METUCHEN, N.J.--(BUSINESS WIRE)--The Petroleum Quality Institute of America (PQIA) issues Consumer Alerts on Super XXX 10W30 and Liberty Gold Plus SMO 10W-40 Motor Oil. Test results show these brands of motor oil can cause damage to car engines.
The Petroleum Quality Institute of America (PQIA) has been sampling motor oils in the USA for several years, having them analyzed and publishing the results on their website (www.pqiamerica.org). The organization recently tested Super XXX 10W30 and Liberty Gold Plus SMO 10W-40 Motor Oil it purchased at convenience stores in the Chicago market, and PQIA says the results were “shocking.”
The Super XXX 10W30, and Liberty Gold Plus SMO 10W-40 samples tested have very serious deficiencies and it starts with the viscosity, or thickness of the oil. The viscosity of these products is close to 75% below where they should be to meet specifications. This means they are much too thin to adequately prevent metal-to-metal contact of moving parts and that results in excessive wear and premature engine failure. And for those unfamiliar with what viscosity means, if you shake a bottle of these products the sound you hear will speak volumes. That because the product in the bottle will sound more like water than they do oil. See video.
Whereas the PQIA feels the extraordinarily low viscosities of these brands alone is enough to warrant consumer alerts, other test data also indicate use of these products can cause damage to car engines. The silicon levels in each of these brands are also very high. Silicon is typically associated with abrasive contamination when found in engine oil. Further, both brands lack any meaningful level of additives required by car manufacturers to protect engines from wear, sludge, and rust.
In addition to what’s in the bottles, PQIA says the labels on the bottles of these brands also provide evidence of their harmful nature. The label on the back of the SuperXXX for example says, "It is designed for use in older model automobiles requiring SB specifications and where economy is a major consideration." But what it fails to say is that the API Service Classification SB was designed for vehicles manufactured between 1930 and 1963. Further, SB oils are deemed by the API to be "obsolete" and the API says they "can cause equipment harm." Whereas the sample of Liberty Gold shows it too lacks any meaning level of additives to protect engines, its label provides no reference to any performance specifications. Consumers are buying blind with this one.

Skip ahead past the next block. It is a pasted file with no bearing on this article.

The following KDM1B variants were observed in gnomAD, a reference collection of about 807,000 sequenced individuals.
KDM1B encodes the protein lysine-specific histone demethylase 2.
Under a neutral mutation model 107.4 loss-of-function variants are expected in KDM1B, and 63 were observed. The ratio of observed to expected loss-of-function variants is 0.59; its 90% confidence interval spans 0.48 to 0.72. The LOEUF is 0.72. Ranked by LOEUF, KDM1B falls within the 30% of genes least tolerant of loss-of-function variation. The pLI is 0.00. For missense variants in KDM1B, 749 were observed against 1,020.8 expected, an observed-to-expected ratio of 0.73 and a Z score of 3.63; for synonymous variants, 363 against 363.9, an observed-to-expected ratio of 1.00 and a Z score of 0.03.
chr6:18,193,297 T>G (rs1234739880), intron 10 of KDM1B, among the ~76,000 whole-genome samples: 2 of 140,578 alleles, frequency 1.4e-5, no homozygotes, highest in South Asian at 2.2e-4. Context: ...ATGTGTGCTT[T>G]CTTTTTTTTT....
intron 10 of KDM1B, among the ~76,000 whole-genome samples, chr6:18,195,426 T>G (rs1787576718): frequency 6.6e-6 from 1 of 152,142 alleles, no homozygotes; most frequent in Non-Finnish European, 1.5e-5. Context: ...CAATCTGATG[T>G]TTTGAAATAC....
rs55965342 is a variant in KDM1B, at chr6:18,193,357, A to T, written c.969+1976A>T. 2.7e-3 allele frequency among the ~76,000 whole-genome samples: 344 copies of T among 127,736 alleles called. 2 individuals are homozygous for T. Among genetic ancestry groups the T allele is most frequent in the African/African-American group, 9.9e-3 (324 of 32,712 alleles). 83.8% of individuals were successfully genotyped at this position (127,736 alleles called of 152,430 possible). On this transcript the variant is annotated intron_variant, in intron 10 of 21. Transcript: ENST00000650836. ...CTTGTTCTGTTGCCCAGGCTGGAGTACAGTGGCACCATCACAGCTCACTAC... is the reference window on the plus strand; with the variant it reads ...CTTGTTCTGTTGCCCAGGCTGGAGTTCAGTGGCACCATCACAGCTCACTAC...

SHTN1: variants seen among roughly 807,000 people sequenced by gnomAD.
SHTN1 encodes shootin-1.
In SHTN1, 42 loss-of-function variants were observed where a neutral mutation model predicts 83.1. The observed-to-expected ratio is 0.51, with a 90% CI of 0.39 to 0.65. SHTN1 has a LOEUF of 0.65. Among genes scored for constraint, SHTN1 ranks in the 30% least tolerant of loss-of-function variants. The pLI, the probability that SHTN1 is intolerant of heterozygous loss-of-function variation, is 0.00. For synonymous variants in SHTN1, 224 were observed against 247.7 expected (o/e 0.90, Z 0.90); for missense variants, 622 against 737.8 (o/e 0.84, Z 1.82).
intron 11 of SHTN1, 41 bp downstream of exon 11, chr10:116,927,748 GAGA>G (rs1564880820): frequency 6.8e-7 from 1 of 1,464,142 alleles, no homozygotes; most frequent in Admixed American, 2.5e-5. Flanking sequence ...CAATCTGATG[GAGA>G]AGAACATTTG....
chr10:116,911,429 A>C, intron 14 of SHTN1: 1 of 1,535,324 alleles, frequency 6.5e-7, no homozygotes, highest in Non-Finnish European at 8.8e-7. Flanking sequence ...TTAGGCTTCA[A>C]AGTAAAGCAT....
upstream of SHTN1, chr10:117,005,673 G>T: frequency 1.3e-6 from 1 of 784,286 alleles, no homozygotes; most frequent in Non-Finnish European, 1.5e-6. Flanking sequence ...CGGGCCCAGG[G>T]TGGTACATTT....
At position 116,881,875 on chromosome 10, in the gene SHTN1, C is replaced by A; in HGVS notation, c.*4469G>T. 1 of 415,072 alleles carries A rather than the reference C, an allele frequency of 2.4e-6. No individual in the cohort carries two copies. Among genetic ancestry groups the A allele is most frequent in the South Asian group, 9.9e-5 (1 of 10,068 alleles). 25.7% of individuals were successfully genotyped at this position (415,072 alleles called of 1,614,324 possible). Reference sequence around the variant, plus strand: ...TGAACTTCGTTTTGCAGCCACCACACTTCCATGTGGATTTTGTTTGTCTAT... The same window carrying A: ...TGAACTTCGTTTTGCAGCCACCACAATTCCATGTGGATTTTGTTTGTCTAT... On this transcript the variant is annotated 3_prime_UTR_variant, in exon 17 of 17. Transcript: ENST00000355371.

PQIA cautions that it has observed these brands in convenience stores in the Chicago market and in other mid-west cities and states.
According to Thomas Glenn, president of PQIA, “This is not the first time we have found serious deficiencies with these two brands.” In fact, Glenn says, “In addition to the very concerning issues with the products PQIA’s recent tested, we found similarly serious deficiencies when we first looked at these brands in 2011.” It’s clear from test results then and now, that Super XXX 10W30 and Liberty Gold Plus SMO 10W-40 Motor Oils “should not be used in cars as they can cause serious engine damage,” says Glenn.
These brands are not the only ones PQIA advises consumers to steer clear of. In fact, PQIA published a story in December 2012 titled “Enough-is-Enough - It’s time to get these bad Bottles off the Shelves.” The focus of that article was bottles of oil bearing the Super Star, Royal Star, City Star, and Royal brand names. PQIA says these brands are frequently found in Illinois, Michigan, Indiana, and Ohio and they too can cause harm to car engines due to their viscosities being significantly lower than needed to protect engines.
Interestingly, PQIA says consumers in lower income urban areas should be particularly aware of the dangers of these motor oils. This is because PQIA finds that the chances of running into these brands increases significantly when it visits convenience stores, corner stores, and bodegas in these areas.
As an example, PQIA recently found obsolete and off-spec motor oils at over 60% of the 18 convenience stores it visited in Dearborn and Detroit. Sadly, Glenn says, “It appears that the producers and marketers of these bad motor oils are preying on people in lower income communities where purchasing decisions are often made on price.” These unsuspecting consumers can ill afford to have their car engines damaged because some unscrupulous manufacturers think no one cares. “Well they are wrong, PQIA and others in our industry do care,” says Glenn, "and PQIA will continue to test and report on these bad oils, make authorities aware of them, and ask stores to remove them from the shelves to protect the public."
Visit the Petroleum Quality Institute of America's website for details on these and other brands of motor oils, both good and bad: www.pqiamerica.com
About PQIA: The Petroleum Quality Institute of America is an independent research company whose mission is to serve the consumer of lubricants by testing and reporting on the quality and integrity of lubricants in the marketplace.